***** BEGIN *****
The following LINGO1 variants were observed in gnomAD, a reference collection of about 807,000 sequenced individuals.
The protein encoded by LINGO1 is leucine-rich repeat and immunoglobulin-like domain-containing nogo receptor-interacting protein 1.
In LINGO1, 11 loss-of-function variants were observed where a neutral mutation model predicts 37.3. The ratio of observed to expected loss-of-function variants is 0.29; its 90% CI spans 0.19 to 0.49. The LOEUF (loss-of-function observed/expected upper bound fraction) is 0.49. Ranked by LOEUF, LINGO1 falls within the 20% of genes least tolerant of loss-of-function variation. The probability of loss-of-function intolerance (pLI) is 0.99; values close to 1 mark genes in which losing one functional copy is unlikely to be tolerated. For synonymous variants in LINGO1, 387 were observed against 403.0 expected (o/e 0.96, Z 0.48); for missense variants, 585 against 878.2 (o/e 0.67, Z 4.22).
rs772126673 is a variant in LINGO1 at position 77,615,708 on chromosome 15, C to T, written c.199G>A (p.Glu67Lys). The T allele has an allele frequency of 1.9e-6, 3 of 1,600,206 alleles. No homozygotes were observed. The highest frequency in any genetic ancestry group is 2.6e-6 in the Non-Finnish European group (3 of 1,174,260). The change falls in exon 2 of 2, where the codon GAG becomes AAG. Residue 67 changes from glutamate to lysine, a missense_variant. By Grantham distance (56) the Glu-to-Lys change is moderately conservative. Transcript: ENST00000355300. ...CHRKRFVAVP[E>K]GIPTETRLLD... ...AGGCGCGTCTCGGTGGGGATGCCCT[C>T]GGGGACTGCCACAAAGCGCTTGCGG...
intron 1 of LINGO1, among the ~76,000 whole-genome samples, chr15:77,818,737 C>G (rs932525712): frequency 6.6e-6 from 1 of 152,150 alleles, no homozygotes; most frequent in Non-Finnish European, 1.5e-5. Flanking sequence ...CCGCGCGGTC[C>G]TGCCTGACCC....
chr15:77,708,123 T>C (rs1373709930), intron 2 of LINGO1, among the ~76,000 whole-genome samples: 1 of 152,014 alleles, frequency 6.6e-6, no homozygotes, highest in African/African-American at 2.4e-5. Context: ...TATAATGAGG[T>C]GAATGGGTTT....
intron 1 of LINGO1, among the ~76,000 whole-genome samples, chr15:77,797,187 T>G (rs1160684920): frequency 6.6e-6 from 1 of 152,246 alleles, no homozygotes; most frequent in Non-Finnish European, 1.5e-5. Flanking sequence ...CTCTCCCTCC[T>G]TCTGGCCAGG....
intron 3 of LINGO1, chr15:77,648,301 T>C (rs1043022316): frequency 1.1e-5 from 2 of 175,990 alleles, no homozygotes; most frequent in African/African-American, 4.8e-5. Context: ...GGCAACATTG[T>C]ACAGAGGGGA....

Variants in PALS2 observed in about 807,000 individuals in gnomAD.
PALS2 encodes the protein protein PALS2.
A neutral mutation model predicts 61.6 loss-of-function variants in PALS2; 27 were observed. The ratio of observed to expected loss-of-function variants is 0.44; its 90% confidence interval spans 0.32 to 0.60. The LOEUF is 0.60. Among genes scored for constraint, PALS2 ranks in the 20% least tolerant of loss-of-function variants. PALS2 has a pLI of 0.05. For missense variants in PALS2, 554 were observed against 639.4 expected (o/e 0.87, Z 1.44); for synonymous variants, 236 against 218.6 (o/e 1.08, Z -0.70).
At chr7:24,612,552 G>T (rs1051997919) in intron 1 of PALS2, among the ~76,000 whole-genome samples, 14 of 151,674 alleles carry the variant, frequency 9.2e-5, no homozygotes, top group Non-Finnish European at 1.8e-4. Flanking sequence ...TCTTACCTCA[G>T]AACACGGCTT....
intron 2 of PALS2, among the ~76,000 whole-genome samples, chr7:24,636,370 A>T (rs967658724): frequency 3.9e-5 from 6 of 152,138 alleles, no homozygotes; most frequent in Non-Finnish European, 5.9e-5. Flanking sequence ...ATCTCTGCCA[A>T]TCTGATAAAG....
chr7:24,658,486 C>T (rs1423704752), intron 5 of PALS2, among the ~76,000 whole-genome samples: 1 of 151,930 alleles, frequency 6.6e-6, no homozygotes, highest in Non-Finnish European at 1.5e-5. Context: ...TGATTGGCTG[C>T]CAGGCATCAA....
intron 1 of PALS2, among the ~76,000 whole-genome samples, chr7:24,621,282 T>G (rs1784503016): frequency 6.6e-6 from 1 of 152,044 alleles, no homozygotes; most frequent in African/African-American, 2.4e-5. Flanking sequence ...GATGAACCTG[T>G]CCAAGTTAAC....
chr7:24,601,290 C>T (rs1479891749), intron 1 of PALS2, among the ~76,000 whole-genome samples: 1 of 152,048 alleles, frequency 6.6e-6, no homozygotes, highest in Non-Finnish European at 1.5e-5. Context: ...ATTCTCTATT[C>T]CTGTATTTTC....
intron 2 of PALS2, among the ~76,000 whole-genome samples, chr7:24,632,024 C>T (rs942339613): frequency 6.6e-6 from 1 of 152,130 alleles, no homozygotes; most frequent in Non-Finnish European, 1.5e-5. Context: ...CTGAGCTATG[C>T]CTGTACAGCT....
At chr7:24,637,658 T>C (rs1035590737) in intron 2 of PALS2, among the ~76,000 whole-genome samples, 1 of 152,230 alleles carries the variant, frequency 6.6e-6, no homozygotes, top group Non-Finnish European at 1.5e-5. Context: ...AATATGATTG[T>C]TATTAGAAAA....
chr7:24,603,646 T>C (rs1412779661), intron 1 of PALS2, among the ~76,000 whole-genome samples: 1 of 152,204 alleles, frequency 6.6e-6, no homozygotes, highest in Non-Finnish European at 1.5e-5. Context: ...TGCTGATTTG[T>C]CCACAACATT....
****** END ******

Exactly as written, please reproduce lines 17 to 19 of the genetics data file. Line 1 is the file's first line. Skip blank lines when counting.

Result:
intron 2 of PALS2, among the ~76,000 whole-genome samples, chr7:24,632,024 C>T (rs942339613): frequency 6.6e-6 from 1 of 152,130 alleles, no homozygotes; most frequent in Non-Finnish European, 1.5e-5. Context: ...CTGAGCTATG[C>T]CTGTACAGCT....
At chr7:24,637,658 T>C (rs1035590737) in intron 2 of PALS2, among the ~76,000 whole-genome samples, 1 of 152,230 alleles carries the variant, frequency 6.6e-6, no homozygotes, top group Non-Finnish European at 1.5e-5. Context: ...AATATGATTG[T>C]TATTAGAAAA....
chr7:24,603,646 T>C (rs1412779661), intron 1 of PALS2, among the ~76,000 whole-genome samples: 1 of 152,204 alleles, frequency 6.6e-6, no homozygotes, highest in Non-Finnish European at 1.5e-5. Context: ...TGCTGATTTG[T>C]CCACAACATT....